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Photo of Joseph Viscomi, taken by Sarah Boyd

James G. Kenan Distinguished Professor

  • Ph. D., Columbia University, 1980
  • M.Phil., Columbia University, 1978
  • M.A., Columbia University, 1974
  • Ph.B., Monteith College, Wayne State University, 1973 


I am co-editor/creator with Robert Essick and Morris Eaves of The William Blake Archive <>, a hypermedia digital database of Blake’s poetry and art based on over 7000 high-resolution (300 dpi) images drawn from Blake’s illuminated books, paintings, drawings, manuscripts, and engravings. The site is made possible by the University of North Carolina at Chapel Hill with the University of Rochester, the continuing support of the Library of Congress and private foundations, and the cooperation of an international array of libraries and museums that have generously given us permission to reproduce works from their collections. Past support includes the Institute for Advanced Technology in the Humanities at UVa, the Getty Grant Program, the Paul Mellon Centre for Studies in British Art, and NEH.

The Archive, with its main offices in UNC’s Department of English and Comparative Literature, draws its editorial assistants from the department’s graduate program.  Its structure and rationale grew out of the editors’ earlier projects for the William Blake Trust (vols. 3 and 5 of William Blake’s Illuminated Books, Tate Gallery/Princeton U. P., 1993) and my Blake and the Idea of the Book (Princeton U. P., 1993).  Conceived and designed in 1993–95, launched in 1996, and completely redesigned with new tools and capacities in 2016 and 2017, the Archive is an international public resource that provides unified access to major works of visual and literary art that are highly disparate, widely dispersed, and often severely restricted as a result of their value, rarity, and extreme fragility. The Archive, which, to date, has published 157 fully searchable and scalable digital editions of Blake’s works in all genres and three digital exhibitions, became the first digital scholarly edition to receive the Modern Language Association’s (MLA) Prize for a Distinguished Scholarly Edition (2003) and the first to receive its Approved Edition seal (2005). These awards legitimized our methodology and the use of computers in the editing of texts and images and paved the way for “humanities computing” to become “digital humanities” (2006).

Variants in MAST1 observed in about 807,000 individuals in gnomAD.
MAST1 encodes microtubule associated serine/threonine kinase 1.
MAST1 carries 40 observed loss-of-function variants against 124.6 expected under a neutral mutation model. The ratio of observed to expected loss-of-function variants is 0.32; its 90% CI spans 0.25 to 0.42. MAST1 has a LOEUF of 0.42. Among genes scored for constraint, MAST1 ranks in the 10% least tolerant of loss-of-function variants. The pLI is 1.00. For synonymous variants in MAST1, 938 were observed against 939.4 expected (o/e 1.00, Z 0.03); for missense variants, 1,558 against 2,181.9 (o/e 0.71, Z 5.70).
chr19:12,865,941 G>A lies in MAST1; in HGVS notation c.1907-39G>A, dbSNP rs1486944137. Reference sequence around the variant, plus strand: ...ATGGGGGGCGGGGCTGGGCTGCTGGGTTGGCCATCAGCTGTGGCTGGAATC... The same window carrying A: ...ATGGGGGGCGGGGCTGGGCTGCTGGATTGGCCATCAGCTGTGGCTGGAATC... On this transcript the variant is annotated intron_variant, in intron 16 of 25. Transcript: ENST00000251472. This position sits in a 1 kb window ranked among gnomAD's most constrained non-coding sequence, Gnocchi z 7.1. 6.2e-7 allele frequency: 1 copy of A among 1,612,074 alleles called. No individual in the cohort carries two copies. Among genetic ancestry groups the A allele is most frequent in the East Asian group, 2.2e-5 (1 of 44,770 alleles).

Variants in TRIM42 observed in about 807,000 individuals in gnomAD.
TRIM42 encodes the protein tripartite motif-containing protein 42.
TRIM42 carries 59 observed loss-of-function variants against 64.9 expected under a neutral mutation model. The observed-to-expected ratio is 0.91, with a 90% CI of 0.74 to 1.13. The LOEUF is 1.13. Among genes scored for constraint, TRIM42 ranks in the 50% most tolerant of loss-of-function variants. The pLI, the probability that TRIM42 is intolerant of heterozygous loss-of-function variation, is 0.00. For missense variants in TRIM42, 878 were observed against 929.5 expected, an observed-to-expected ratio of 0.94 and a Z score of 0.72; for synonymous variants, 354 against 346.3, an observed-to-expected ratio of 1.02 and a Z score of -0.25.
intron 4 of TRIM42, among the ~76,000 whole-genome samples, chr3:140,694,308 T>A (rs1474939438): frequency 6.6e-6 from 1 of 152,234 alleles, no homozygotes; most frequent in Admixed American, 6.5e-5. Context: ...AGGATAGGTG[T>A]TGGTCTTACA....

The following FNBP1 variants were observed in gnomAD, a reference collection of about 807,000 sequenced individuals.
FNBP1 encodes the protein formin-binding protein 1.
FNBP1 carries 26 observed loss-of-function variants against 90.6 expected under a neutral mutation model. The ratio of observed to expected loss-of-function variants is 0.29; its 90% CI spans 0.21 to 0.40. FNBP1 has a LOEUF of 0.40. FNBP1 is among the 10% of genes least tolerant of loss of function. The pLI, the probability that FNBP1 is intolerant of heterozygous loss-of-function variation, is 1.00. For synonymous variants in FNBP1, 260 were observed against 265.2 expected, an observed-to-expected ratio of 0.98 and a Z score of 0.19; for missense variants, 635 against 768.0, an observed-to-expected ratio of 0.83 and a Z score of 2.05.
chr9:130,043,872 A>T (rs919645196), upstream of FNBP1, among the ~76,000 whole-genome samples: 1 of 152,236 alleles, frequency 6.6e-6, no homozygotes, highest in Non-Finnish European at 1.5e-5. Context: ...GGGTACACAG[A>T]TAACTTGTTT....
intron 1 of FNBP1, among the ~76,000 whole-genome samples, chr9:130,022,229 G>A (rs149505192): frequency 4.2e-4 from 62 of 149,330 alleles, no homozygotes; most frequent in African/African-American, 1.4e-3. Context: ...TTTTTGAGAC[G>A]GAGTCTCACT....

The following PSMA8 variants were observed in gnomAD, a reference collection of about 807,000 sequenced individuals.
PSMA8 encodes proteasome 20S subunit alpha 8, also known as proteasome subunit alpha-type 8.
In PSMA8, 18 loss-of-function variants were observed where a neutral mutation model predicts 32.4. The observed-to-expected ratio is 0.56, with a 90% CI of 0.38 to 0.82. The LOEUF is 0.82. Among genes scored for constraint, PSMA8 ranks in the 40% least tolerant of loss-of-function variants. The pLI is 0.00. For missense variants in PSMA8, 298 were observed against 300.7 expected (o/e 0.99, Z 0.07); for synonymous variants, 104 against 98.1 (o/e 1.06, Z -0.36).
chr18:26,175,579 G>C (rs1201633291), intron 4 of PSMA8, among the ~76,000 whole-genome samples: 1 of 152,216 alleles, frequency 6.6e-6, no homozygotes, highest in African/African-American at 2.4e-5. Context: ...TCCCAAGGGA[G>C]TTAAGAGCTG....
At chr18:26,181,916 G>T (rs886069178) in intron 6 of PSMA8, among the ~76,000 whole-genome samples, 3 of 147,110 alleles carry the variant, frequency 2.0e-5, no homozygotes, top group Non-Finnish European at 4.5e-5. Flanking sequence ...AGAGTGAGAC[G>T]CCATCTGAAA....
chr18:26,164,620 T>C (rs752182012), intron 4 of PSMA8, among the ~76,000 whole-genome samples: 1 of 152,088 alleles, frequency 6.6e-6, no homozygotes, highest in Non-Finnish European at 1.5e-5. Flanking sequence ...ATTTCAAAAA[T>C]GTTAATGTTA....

The Blake Archive is possibly the most documented of all digital humanities projects. According to Saree Makdisi, “the online Blake Archive . . . has completely transformed the way Blake is now read, studied, and taught” (17).[1] According to Kate Hayles, “It is no exaggeration to say that The William Blake Archive establishes the gold standard for literary Web sites” [263-64].[2] According to Susan Schreibman: “The archive’s adherence to strict digitization standards, to capturing the fidelity of the original artifacts, and to creating a vocabulary that would allow unprecedented access to the complexity of the rich visual vocabulary that Blake employed has set the gold standard for image-based electronic editions [par. 21].[3] These are among the many comments made by reviewers and users of the Archive—and all before our transformative redesign launched in December 2016. Since then, Andrew Webster has reported: “First created and conceived over 20 years ago, the William Blake Archive set a standard for the digital humanities.  It’s now broken another mold….  The combination of text and illustration on a digital page never looked so polished and beautiful as it does on the newly refurbished website….”[4]